Castlight's platform becomes the front end of an employee's health care experience and aims to steer them to make the best possible decision via information and educational content. Dr. Jennifer Schneider, vice president of strategic analytics, says the goal is to prevent expensive tests like an MRI on a back ache you've had for two weeks. "We get in front of employees when they make a decision," said Schneider.


If successful, Castlight's customers will be able to use the platform and analytics behind it to tailor benefit plans to employee groups and move quickly to add features that may be winners for workers. "Benefit leaders are creative and nimble and the more information you can give them the better," said Schneider. "Can someone change a dental plan midyear? Yes there is some pain midcycle, but with data you can at least strategize around it."

Big data just starting in health care

Castlight's high-level analysis of distinctive search terms sheds light on some key developments, but is also notable for what's missing.

The company, which runs on co-located data centers to deliver its software as a service, uses parallel processing stories and technologies such as MapReduce to crunch data, but the sets could be filled out more. Yes, Castlight's data highlights how there is no one-size-fits-all benefit plan or answer to health care issues, but is limited to its customer base.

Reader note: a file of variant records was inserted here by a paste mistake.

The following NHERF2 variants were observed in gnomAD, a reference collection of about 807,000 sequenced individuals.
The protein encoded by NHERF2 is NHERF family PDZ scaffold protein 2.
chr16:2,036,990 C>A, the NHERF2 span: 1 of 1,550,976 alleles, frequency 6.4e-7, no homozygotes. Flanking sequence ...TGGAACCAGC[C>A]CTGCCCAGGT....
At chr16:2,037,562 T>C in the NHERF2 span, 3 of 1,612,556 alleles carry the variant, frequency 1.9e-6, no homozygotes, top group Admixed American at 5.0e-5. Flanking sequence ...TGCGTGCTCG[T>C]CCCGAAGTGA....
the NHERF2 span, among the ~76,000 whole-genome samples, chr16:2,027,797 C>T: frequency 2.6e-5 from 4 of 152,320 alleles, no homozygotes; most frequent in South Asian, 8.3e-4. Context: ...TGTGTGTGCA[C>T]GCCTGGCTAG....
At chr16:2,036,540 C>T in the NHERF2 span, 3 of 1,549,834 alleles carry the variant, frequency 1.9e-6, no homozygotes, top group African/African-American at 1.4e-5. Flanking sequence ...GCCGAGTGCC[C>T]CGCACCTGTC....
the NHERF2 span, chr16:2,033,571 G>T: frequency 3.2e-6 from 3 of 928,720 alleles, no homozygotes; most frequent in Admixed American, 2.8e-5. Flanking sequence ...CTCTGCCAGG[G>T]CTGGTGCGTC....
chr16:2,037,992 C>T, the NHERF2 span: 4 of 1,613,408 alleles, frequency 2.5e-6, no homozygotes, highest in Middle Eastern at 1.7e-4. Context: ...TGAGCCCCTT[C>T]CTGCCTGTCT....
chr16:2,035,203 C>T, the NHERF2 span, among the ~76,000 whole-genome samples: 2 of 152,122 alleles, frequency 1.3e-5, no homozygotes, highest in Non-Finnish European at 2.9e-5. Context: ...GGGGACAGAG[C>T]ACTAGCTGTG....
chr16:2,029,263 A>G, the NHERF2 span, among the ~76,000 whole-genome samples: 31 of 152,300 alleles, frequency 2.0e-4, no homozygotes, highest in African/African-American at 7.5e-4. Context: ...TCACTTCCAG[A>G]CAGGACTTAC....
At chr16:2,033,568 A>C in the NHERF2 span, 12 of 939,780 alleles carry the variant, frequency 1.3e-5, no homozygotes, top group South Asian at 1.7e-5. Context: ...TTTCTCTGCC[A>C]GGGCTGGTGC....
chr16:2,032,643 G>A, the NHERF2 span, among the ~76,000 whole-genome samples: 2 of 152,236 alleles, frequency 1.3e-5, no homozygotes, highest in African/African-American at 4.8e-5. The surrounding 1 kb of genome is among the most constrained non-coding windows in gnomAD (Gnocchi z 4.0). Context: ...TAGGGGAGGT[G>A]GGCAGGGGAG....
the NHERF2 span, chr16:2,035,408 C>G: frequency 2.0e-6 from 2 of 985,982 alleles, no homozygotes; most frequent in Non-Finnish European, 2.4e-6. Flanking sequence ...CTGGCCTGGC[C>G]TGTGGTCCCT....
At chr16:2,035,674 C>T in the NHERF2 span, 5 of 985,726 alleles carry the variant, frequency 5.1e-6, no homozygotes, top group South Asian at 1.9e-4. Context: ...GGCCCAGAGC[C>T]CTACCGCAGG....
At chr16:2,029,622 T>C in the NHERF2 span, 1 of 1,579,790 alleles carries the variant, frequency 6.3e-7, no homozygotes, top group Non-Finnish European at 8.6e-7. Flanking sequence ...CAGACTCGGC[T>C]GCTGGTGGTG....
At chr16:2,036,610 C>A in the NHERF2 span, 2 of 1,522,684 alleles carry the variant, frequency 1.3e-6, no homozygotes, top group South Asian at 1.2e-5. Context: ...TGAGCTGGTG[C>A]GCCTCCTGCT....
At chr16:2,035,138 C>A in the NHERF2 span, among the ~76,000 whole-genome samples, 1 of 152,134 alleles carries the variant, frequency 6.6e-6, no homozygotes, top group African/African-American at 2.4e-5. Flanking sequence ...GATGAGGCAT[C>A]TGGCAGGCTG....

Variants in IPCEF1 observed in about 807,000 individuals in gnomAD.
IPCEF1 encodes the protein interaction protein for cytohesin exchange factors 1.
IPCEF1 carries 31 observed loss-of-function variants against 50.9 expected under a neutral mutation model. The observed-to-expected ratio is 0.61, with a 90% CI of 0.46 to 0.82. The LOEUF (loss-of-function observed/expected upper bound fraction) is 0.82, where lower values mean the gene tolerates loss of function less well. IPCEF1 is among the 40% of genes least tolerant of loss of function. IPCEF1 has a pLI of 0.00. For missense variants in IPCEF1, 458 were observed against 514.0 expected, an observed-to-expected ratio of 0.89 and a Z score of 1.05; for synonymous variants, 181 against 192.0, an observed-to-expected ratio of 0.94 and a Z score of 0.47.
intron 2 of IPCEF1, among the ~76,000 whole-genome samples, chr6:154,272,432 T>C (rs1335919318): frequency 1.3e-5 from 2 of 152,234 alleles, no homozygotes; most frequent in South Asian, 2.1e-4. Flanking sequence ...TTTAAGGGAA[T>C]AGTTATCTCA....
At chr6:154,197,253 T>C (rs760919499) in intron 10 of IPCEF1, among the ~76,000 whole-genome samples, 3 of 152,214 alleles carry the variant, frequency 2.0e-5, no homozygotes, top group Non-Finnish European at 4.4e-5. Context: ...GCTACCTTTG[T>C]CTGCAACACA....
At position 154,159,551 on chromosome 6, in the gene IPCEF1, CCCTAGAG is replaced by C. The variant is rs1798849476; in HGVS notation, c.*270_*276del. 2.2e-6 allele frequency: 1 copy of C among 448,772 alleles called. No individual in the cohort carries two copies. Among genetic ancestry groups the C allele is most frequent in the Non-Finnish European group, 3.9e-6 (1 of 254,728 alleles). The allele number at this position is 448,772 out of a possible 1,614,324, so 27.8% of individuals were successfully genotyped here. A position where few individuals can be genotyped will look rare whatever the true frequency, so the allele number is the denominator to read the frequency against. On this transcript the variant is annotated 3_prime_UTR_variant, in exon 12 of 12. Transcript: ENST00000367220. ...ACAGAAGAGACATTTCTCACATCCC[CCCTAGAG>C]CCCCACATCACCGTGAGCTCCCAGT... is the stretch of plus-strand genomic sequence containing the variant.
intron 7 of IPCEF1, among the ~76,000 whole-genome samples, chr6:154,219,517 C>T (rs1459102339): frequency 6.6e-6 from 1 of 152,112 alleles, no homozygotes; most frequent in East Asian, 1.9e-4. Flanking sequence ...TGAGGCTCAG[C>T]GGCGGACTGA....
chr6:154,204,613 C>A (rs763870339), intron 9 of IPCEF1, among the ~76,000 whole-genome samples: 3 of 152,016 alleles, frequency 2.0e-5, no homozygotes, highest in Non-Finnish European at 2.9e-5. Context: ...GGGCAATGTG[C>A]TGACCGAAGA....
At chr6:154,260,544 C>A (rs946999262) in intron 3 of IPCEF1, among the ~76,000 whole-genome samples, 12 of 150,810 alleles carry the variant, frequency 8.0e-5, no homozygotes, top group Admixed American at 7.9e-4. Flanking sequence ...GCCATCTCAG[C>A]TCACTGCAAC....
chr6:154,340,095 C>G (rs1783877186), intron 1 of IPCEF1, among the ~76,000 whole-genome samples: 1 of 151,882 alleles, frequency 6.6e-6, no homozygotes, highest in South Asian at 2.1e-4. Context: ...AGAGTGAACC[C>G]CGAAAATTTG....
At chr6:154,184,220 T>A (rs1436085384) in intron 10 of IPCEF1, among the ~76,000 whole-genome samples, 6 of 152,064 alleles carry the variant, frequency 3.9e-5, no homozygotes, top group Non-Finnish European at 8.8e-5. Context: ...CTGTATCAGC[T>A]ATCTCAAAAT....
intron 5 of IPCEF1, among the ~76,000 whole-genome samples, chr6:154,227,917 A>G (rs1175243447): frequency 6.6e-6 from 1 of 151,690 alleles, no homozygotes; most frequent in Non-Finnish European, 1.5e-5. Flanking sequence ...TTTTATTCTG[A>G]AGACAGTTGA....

Colella said if there were one data set he'd like to have its Medicare's database. Sophie Pinkard, director of strategic analytics, and Schneider both noted that Castlight's go-forward plan is to start adding public data sources to the mix, say Twitter's information, weather patterns and Google search terms.

Meanwhile, Castlight's data shows how information on health care has to be a 24/7 affair — especially since young men are searching about benefits late night.

The main takeaway is that Castlight efforts show promise, but represent a good start. Castlight's findings offer a good baseline for future research.

Among the key takeaways from Castlight's findings:

  • For Millennial men age 20-24, dentists are the most distinctive search in almost every region. In general, millennial men and women across the country search for dental care 2-5 times more than Castlight's average.
  • Anxiety Disorders is the most distinctive search term for women 20-24 in the Northeast. In general, millennial men and women across the country search for Anxiety Disorders 1.5-2 timesmore than Castlight’s average.
  • "Birth control", "fertility", "pregnancy", "birth", and "pediatrics" are distinctive searches across regions and genders for men and women under 40.